Hair Care Tips For 3b 3c hair Type

If you have 3b or 3c hair type, you know just how bouncy and kinky your ringlets can be – and that they require lots of love and moisture to look their best. This article will help you understand your hair and what it needs to look its best. We have you covered with different types of curls and ideal products and styles!

Types of Curls

Type 3b hair features curly strands that are both bouncy and perfectly spiraled. Their size varies, from loose waves to tight corkscrew-like ringlets measuring roughly the circumference of a pencil. Type 3c hair is considered the densest and thickest subtype of curly hair, often called curly coily due to its high density and moisture levels.

To achieve gorgeous locks, you mustn’t shampoo more than once every week and always follow it up with a moisturizing conditioner. In addition, leave-in conditioners or hair mists may be beneficial in combating post-shower frizz and flyaways; to do this effectively, use leave-in conditioning products or mists that help defend against post-shower frizz and flyaways as well as avoid using towels to rub over your locks as this causes moisture loss and friction which leads to tangles!

Curl Patterns

Curly 3a hair category features well-defined large loose coils that range from bouncy ringlets to tight corkscrews, making for an easily distinguishable silhouette. If this were your hair type, your 3a curls would fit snuggly around sidewalk chalk, markers, or highlighters.

3b curly hair features tightly defined spirals resembling Sharpies rather than markers, each coil roughly the size of your index finger. Though the original hair typing system remains highly controversial, type 3B hair is typically characterized by tight curls resembling corkscrew coils rather than an S-shape. Like all curly textures, it can be susceptible to frizz and dryness as natural scalp oils have difficulty penetrating super twisted strands and providing nourishment. As such, extra moisture must be provided to stay moisturized and healthy.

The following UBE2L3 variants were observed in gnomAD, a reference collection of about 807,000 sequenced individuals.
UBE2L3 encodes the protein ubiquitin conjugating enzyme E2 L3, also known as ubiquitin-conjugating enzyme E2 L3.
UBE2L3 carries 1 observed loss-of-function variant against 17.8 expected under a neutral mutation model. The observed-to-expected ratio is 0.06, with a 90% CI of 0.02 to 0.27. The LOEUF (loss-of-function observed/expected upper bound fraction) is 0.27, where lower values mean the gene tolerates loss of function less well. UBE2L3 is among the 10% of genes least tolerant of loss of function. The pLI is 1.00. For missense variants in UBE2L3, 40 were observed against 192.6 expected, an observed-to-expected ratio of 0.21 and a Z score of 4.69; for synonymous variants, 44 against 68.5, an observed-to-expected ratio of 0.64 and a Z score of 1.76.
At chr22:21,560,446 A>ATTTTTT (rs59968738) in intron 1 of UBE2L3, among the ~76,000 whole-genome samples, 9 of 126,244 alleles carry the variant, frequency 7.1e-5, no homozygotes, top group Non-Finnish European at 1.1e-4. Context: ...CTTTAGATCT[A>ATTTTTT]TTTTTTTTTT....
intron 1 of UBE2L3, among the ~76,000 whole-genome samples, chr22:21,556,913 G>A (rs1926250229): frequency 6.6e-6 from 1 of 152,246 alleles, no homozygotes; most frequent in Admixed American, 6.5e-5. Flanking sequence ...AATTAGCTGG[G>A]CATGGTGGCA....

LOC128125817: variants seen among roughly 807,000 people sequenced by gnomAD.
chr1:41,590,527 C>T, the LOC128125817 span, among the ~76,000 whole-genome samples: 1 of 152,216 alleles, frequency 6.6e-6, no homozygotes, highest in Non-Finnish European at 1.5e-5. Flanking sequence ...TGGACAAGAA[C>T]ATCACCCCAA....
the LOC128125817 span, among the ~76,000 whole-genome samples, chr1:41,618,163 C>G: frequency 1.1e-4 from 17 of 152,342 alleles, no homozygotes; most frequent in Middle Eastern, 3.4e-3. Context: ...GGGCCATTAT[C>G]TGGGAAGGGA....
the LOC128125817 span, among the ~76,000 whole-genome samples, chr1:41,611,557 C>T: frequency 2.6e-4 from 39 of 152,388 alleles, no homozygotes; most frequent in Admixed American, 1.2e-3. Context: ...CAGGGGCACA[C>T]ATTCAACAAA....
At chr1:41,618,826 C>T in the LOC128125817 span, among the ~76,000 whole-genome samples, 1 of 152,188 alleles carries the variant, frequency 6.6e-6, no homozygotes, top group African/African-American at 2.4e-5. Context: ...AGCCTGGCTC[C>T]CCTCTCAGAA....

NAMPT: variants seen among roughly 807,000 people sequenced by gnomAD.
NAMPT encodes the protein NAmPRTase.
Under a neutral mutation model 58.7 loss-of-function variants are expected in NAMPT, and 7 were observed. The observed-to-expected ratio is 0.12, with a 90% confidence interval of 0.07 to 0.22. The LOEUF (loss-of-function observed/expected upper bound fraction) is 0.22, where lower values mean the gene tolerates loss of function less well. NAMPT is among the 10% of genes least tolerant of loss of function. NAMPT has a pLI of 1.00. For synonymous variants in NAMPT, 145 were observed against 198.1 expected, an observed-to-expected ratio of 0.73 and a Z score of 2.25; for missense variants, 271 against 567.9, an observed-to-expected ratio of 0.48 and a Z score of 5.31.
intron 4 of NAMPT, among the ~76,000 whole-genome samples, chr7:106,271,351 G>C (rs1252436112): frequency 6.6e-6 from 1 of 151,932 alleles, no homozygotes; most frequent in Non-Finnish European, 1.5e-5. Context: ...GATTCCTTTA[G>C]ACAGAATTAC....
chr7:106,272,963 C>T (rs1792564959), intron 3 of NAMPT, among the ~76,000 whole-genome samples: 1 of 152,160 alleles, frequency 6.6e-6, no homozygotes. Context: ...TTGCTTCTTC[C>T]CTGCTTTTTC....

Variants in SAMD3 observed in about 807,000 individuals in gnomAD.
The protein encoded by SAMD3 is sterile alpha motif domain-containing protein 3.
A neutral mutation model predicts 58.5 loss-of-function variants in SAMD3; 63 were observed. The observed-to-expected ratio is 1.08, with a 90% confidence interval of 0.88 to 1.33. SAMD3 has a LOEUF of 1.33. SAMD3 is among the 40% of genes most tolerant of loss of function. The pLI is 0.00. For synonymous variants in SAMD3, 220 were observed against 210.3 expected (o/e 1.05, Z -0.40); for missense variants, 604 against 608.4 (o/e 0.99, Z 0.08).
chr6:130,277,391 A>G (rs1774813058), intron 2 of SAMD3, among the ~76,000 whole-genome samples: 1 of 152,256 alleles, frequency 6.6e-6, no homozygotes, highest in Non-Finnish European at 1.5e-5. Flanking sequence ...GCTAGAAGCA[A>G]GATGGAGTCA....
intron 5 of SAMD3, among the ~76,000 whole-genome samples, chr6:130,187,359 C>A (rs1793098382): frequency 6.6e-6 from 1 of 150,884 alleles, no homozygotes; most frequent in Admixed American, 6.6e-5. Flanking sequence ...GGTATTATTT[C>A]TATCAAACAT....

Dryness can be a crucial problem with 3b curly hair. This occurs because sebum produced on the scalp doesn’t travel directly down each strand due to ringlet obstruction, making distribution more difficult. Therefore, 3b curls must remain hydrated by regularly using hydrating shampoo and conditioner with humectants and emollients. In addition, using satin or silk pillowcases at night will protect them from being exposed to cotton fabric while helping retain moisture levels throughout the night, resulting in less frizz and dryness the following day. A good quality hydrating cream may also prove invaluable in maintaining their shape and keeping strands moist.


3B curls can be susceptible to breakage and should be handled carefully to minimize breakage and damage. Utilizing appropriate products and styling methods will help reduce breakage and damage while moisturizing and protecting against the elements is vital for their health and maintenance; try using a microfiber towel as this may prevent friction and frizz from occurring.

3b hair is a hybrid between 3A and 3C curl patterns, featuring tighter coils than 3A with smaller diameters that range from springy corkscrews to bouncy ringlets. 3c locks are denser and thicker than 3b curls, giving you significant volume. Unfortunately, however, they’re more prone to dryness and lacking definition if neglected, so regular deep conditioning sessions will help your strands retain moisture and shine.


A haircare regimen tailored to 3b 3c curly hair should include sulfate-free shampoos and cleansing conditioners (co-washes) regularly and daily conditioning treatments that promote hydration, prevent dryness and frizz and aid the definition of curls. On non-wash days, spraying the locks with water or applying lightweight moisturizers like black seed oil can top up moisture levels and maintain their shape while helping tame frizzy tresses.

Type 3C hair features tight corkscrew-like coils approximately the size of a pencil, forming dense waves that make up its oily texture and density. Commonly known as “curly-coily,” 3C curls can be hard to manage without using the right products, often becoming frizzy and unruly in no time at all.